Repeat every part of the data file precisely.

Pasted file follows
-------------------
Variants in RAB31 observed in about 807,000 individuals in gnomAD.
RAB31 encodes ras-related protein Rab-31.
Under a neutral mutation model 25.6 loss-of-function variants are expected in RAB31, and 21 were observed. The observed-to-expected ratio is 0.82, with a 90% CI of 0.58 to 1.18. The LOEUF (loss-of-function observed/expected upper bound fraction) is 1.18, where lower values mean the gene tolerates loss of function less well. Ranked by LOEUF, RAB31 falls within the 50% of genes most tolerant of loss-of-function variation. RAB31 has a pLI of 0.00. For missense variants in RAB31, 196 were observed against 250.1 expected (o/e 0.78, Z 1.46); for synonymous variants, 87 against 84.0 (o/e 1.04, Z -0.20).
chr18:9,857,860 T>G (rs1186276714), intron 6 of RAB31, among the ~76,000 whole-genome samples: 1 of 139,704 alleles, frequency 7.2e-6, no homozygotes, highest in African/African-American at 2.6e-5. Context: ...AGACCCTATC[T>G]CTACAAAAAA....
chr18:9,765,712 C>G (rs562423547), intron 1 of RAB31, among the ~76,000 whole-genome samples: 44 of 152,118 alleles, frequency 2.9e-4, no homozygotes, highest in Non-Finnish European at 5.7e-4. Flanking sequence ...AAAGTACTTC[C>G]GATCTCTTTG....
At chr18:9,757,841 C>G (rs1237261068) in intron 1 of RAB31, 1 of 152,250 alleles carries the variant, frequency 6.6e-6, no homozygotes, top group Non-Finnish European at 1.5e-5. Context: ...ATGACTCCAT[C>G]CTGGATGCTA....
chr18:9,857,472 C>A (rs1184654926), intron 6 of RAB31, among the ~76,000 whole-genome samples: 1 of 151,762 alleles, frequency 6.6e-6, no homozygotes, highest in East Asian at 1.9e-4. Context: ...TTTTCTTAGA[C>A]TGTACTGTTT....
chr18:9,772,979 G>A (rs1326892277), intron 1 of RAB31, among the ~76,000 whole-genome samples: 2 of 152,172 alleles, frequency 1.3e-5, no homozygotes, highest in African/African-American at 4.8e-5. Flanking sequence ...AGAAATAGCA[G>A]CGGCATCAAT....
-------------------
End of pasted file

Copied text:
Variants in RAB31 observed in about 807,000 individuals in gnomAD.
RAB31 encodes ras-related protein Rab-31.
Under a neutral mutation model 25.6 loss-of-function variants are expected in RAB31, and 21 were observed. The observed-to-expected ratio is 0.82, with a 90% CI of 0.58 to 1.18. The LOEUF (loss-of-function observed/expected upper bound fraction) is 1.18, where lower values mean the gene tolerates loss of function less well. Ranked by LOEUF, RAB31 falls within the 50% of genes most tolerant of loss-of-function variation. RAB31 has a pLI of 0.00. For missense variants in RAB31, 196 were observed against 250.1 expected (o/e 0.78, Z 1.46); for synonymous variants, 87 against 84.0 (o/e 1.04, Z -0.20).
chr18:9,857,860 T>G (rs1186276714), intron 6 of RAB31, among the ~76,000 whole-genome samples: 1 of 139,704 alleles, frequency 7.2e-6, no homozygotes, highest in African/African-American at 2.6e-5. Context: ...AGACCCTATC[T>G]CTACAAAAAA....
chr18:9,765,712 C>G (rs562423547), intron 1 of RAB31, among the ~76,000 whole-genome samples: 44 of 152,118 alleles, frequency 2.9e-4, no homozygotes, highest in Non-Finnish European at 5.7e-4. Flanking sequence ...AAAGTACTTC[C>G]GATCTCTTTG....
At chr18:9,757,841 C>G (rs1237261068) in intron 1 of RAB31, 1 of 152,250 alleles carries the variant, frequency 6.6e-6, no homozygotes, top group Non-Finnish European at 1.5e-5. Context: ...ATGACTCCAT[C>G]CTGGATGCTA....
chr18:9,857,472 C>A (rs1184654926), intron 6 of RAB31, among the ~76,000 whole-genome samples: 1 of 151,762 alleles, frequency 6.6e-6, no homozygotes, highest in East Asian at 1.9e-4. Context: ...TTTTCTTAGA[C>A]TGTACTGTTT....
chr18:9,772,979 G>A (rs1326892277), intron 1 of RAB31, among the ~76,000 whole-genome samples: 2 of 152,172 alleles, frequency 1.3e-5, no homozygotes, highest in African/African-American at 4.8e-5. Flanking sequence ...AGAAATAGCA[G>A]CGGCATCAAT....